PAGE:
Environmental factors or adverse growth conditions that may reduce cell function or viability are considered stress. The cell ability to sense and respond to environmental stresses determine its function and survival destiny. We recently defined Neuroglobin (NGB), a heme-protein, as a compensatory protein in the 17β-Estradiol (E2) anti-apoptotic activity and as a sensor of oxidative stress in both neurons and breast cancer cells. Here, the possibility that NGB levels could represent a pivotal regulator of integrated response of cancer cells to stress has been evaluated. Data obtained in neuroblastoma and in breast cancer cell lines evidence that nutrient deprivation significantly up-regulated NGB levels at different time points. However, the analysis of autophagy activation led to exclude any possible role of stress- or E2-induced NGB in the upstream regulation of general autophagy. However, the over-expression of Flag-NGB in ERα stable transfected HEK-293 cells completely affects nutrient deprivation-induced decrease in cell number. In addition, reported results indicate that modulation of the anti-apoptotic Bcl-2 level may play a key role in the protective NGB function against energetic stress. Overall, these data define a role of NGB as compensatory protein in the cell machinery activated in response to stress and as general stress adaptation marker of cancer cells susceptible to oxidative stress, oxygen and, as demonstrated here for the first time, even to nutrient willingness. Despite the lacking of any direct NGB role on autophagic flux activated by energetic stress, NGB upregulation appears functional in delaying stress-related cell death allowing an appropriate cell response and adaptation to the changing extracellular conditions.

Fiocchetti, M., Cipolletti, M., Marino, M. (2017). Compensatory role of Neuroglobin in nervous and non-nervous cancer cells in response to the nutrient deprivation. PLOS ONE, 12(12), e0189179 [10.1371/journal.pone.0189179].

Compensatory role of Neuroglobin in nervous and non-nervous cancer cells in response to the nutrient deprivation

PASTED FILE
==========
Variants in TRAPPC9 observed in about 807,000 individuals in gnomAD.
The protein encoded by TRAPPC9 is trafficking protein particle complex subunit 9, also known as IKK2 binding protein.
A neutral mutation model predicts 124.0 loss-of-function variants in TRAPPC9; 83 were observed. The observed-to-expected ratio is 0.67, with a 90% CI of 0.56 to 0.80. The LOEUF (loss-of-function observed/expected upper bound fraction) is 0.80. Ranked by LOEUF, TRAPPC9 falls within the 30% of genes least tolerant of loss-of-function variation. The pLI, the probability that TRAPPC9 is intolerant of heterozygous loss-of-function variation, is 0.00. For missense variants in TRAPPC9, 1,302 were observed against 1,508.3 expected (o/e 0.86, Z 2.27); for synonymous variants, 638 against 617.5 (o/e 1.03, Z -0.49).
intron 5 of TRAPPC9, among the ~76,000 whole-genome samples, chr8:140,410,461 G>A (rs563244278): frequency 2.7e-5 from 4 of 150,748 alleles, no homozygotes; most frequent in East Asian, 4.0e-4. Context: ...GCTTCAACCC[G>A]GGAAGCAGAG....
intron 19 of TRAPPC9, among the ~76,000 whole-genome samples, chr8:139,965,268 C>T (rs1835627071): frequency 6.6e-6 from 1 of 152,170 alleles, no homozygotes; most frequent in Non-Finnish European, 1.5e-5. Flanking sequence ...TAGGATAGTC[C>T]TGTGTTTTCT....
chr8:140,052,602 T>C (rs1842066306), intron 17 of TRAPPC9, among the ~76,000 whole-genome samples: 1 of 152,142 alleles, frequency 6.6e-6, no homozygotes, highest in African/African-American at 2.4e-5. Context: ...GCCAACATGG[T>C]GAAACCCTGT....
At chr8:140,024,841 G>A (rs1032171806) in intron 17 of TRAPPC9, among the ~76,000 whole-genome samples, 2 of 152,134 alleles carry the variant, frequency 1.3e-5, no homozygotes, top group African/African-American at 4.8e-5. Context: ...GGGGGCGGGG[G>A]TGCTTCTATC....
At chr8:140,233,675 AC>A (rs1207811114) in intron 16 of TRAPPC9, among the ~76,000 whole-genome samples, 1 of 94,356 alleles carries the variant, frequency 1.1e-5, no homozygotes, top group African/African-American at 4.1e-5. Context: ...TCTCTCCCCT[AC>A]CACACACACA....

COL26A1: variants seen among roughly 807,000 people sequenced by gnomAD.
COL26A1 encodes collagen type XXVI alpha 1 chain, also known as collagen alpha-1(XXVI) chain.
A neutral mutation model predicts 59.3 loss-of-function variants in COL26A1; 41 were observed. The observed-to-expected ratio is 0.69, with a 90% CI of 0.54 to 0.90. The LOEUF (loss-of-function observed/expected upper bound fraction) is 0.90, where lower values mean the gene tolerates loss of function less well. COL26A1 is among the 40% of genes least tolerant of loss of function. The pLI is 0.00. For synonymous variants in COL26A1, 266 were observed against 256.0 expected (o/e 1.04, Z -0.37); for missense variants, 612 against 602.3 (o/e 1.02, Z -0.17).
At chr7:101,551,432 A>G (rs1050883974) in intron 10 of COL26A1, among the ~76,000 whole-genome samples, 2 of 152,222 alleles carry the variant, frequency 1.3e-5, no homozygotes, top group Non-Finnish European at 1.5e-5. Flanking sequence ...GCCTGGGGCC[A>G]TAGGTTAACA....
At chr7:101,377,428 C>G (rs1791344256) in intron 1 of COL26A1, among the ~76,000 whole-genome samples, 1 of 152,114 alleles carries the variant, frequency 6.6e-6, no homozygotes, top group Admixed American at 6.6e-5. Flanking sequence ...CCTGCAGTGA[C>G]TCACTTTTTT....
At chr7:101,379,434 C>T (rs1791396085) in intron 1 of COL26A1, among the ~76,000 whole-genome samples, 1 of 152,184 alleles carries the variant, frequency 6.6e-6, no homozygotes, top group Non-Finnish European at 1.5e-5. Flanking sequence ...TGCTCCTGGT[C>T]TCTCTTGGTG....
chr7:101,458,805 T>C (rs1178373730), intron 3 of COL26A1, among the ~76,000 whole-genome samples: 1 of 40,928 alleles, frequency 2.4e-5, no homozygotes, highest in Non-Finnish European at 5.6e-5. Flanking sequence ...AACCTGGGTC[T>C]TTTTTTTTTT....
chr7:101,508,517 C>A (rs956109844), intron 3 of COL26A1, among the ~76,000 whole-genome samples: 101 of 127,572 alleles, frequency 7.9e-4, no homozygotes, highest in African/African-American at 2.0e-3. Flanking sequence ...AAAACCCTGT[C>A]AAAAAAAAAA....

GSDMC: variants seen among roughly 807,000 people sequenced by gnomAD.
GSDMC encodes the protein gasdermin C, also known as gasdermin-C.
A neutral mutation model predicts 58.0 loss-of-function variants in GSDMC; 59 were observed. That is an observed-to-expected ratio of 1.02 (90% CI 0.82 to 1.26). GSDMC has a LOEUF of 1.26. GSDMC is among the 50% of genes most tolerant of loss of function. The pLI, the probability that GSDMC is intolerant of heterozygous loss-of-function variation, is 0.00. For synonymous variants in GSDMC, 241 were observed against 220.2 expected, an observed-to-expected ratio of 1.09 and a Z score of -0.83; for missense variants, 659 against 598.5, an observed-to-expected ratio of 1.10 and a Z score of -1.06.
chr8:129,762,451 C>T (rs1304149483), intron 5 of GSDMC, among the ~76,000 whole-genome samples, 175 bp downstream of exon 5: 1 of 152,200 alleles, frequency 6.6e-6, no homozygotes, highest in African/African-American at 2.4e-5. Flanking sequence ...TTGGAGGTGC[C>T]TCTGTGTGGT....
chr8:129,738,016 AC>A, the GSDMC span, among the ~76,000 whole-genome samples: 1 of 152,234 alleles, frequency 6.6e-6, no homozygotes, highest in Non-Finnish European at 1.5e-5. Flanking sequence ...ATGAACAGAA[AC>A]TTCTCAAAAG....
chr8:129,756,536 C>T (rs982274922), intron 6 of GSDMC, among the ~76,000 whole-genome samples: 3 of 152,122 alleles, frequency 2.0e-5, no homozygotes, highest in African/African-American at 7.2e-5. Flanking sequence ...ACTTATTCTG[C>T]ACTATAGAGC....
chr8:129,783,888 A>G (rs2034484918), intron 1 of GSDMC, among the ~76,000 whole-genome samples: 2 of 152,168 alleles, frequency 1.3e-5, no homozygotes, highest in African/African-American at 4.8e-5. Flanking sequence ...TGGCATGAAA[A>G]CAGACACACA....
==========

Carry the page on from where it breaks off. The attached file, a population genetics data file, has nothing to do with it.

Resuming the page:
Fiocchetti, Marco
;
Cipolletti, Manuela;Marino, Maria
2017-01-01

Abstract

Environmental factors or adverse growth conditions that may reduce cell function or viability are considered stress. The cell ability to sense and respond to environmental stresses determine its function and survival destiny. We recently defined Neuroglobin (NGB), a heme-protein, as a compensatory protein in the 17β-Estradiol (E2) anti-apoptotic activity and as a sensor of oxidative stress in both neurons and breast cancer cells. Here, the possibility that NGB levels could represent a pivotal regulator of integrated response of cancer cells to stress has been evaluated. Data obtained in neuroblastoma and in breast cancer cell lines evidence that nutrient deprivation significantly up-regulated NGB levels at different time points. However, the analysis of autophagy activation led to exclude any possible role of stress- or E2-induced NGB in the upstream regulation of general autophagy. However, the over-expression of Flag-NGB in ERα stable transfected HEK-293 cells completely affects nutrient deprivation-induced decrease in cell number. In addition, reported results indicate that modulation of the anti-apoptotic Bcl-2 level may play a key role in the protective NGB function against energetic stress. Overall, these data define a role of NGB as compensatory protein in the cell machinery activated in response to stress and as general stress adaptation marker of cancer cells susceptible to oxidative stress, oxygen and, as demonstrated here for the first time, even to nutrient willingness. Despite the lacking of any direct NGB role on autophagic flux activated by energetic stress, NGB upregulation appears functional in delaying stress-related cell death allowing an appropriate cell response and adaptation to the changing extracellular conditions.
Fiocchetti, M., Cipolletti, M., Marino, M. (2017). Compensatory role of Neuroglobin in nervous and non-nervous cancer cells in response to the nutrient deprivation. PLOS ONE, 12(12), e0189179 [10.1371/journal.pone.0189179].
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Utilizza questo identificativo per citare o creare un link a questo documento: https://hdl.handle.net/11590/327255
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